BST research to produce lab-grown red blood cells receives €1 million from “la Caixa” Foundation

Laboratori d'Immunohematologia
  • The research is aimed at treating patients with sickle cell anaemia, a serious disease that requires chronic blood transfusions
  • It is led by the Blood and Tissue Bank in collaboration with the University of Bristol
  • Sickle cell anaemia mainly affects people of African descent and has become much more prevalent in Spain as a result of migration
  • The challenge of finding compatible blood for these patients is compounded if they have a rare blood group, as donors in Europe are predominantly Caucasian
  • This is one of the 33 projects selected in this year’s CaixaResearch call for health research proposals

New impetus for in vitro red blood cell production. A research project led by the Banc de Sang i Teixits (Blood and Tissue Bank) to produce lab-grown red blood cells for the treatment of patients with sickle cell anaemia will receive a grant of almost €1 million from the “la Caixa” Núria Nogués a CaixaResearch 2023Foundation. This is one of the 33 research projects selected as part of CaixaResearch 2023, a call for proposals for health research organised by this institution.

The research, led by Dr Núria Nogués, head of the Immunohaematology Laboratory at the Blood and Tissue Bank, will receive a total of €941,350 and will be carried out in collaboration with the University of Bristol in the UK, under the direction of Dr Jan Frayne.

Researchers at the Blood and Tissue Bank’s Immunohaematology Laboratory have been investigating ways to produce red blood cells in the laboratory for years. This research involves the creation of a bank of precursor cells, derived from the stem cells of blood donors, that are committed to forming red blood cells. The in vitro maturation of these precursor cells should enable the production of lab-grown red blood cells, which is the aim of the funded research.

The production of these cells, which are responsible for transporting oxygen from the lungs to the rest of the body, is a breakthrough that science has been working towards for some time.

A disease on the rise for 15 years

More than 7 million people worldwide have sickle cell anaemia, an inherited red blood cell disorder that affects haemoglobin, the protein that Recerca glòbuls vermells in vitrocarries oxygen to the body’s organs and tissues. In Europe, the incidence of this anaemia has increased exponentially over the last 15 years as a result of migration, as people of African descent are the most affected.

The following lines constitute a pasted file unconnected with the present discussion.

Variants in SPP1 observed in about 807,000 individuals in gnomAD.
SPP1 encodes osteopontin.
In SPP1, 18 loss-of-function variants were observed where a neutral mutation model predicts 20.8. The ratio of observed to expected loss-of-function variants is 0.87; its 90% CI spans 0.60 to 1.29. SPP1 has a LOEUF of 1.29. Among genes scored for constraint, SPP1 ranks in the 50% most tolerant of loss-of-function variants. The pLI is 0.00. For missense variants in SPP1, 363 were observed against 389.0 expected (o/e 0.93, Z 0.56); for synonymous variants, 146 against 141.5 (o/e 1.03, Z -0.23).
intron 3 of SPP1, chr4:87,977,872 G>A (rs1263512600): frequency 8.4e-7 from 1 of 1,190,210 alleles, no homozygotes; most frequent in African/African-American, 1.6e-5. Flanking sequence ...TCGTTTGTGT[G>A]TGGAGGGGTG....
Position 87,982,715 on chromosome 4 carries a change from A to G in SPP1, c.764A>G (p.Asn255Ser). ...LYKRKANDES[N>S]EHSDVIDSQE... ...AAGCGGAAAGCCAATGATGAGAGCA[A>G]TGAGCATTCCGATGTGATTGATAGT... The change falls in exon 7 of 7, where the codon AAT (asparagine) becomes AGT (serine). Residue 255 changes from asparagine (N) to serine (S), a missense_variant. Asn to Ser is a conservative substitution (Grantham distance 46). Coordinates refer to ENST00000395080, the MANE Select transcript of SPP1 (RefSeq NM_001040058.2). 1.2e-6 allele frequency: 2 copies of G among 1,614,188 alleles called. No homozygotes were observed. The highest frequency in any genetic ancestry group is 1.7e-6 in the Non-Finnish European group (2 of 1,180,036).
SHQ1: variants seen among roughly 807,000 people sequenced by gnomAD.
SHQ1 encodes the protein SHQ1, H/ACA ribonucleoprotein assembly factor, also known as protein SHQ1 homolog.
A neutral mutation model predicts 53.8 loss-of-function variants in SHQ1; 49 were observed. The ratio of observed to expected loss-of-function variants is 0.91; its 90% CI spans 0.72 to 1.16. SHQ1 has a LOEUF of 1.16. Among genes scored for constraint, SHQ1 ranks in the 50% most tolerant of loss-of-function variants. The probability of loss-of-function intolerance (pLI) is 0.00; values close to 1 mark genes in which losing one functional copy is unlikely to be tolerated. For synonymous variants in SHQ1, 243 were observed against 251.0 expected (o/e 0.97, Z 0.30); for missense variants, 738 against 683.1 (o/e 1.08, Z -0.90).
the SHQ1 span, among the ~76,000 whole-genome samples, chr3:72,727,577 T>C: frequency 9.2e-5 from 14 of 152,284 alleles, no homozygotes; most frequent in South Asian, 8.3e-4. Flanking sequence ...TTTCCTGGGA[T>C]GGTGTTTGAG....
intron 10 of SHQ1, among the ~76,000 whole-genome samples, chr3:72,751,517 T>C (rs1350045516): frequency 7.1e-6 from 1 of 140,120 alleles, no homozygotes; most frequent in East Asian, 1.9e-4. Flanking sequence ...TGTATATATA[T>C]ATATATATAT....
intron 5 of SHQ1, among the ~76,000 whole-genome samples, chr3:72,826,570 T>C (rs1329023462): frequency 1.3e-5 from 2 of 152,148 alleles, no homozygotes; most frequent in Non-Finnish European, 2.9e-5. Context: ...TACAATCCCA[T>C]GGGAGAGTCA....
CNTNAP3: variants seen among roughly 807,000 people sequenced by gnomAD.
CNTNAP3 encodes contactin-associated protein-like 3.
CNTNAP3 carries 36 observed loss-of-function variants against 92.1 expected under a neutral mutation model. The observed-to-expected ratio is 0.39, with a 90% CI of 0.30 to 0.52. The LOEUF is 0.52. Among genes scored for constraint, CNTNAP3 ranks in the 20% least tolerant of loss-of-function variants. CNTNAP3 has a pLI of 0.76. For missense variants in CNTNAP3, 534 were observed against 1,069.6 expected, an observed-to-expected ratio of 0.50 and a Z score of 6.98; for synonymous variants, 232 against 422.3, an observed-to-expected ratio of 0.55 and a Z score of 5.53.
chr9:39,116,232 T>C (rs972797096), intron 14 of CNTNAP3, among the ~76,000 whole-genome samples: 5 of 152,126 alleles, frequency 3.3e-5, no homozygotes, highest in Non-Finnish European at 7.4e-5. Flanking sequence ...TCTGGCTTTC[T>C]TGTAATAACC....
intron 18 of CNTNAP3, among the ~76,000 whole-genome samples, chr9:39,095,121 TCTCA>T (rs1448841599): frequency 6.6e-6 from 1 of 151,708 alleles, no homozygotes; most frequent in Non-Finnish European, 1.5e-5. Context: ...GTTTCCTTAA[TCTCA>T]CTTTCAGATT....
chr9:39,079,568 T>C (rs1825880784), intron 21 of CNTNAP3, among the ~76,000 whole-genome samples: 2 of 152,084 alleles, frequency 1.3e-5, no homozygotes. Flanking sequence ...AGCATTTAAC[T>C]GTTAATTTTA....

Blood transfusions are essential in the treatment of this disease, but can be a complicated challenge for patients with unusual blood groups due to the difficulty of finding compatible blood, as most donors in Spain are Caucasian.

The red blood cells of people with the disease are fragile and break easily, causing chronic anaemia. They are also not flexible and deformable like normal red blood cells, but rigid and crescent- or sickle-shaped, which impedes blood flow and eventually blocks the narrowest blood vessels, the capillaries. When this happens, a lack of oxygen to the tissues causes pain and organ damage.

Convocatòria Banc de Sang a CaixaResearch 2023The aim of the BST research project is to develop an efficient and scalable system for the in vitro production of red blood cells with rare blood group combinations typical of African populations and extremely uncommon in the European donor pool.

To this end, red blood cell precursor cell lines will be generated from donors of African origin selected for their rare blood group profile.

This year’s CaixaResearch call for proposals has selected 33 research projects, nine of which are led by Catalan research centres. All will receive a grant of up to €500,000 or up to €1 million. The call aims to stimulate top-level biomedical research with high social impact in basic, clinical and translational research.

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Generem línies de cèl·lules que són l’avantsala per obtenir glòbuls vermells al laboratori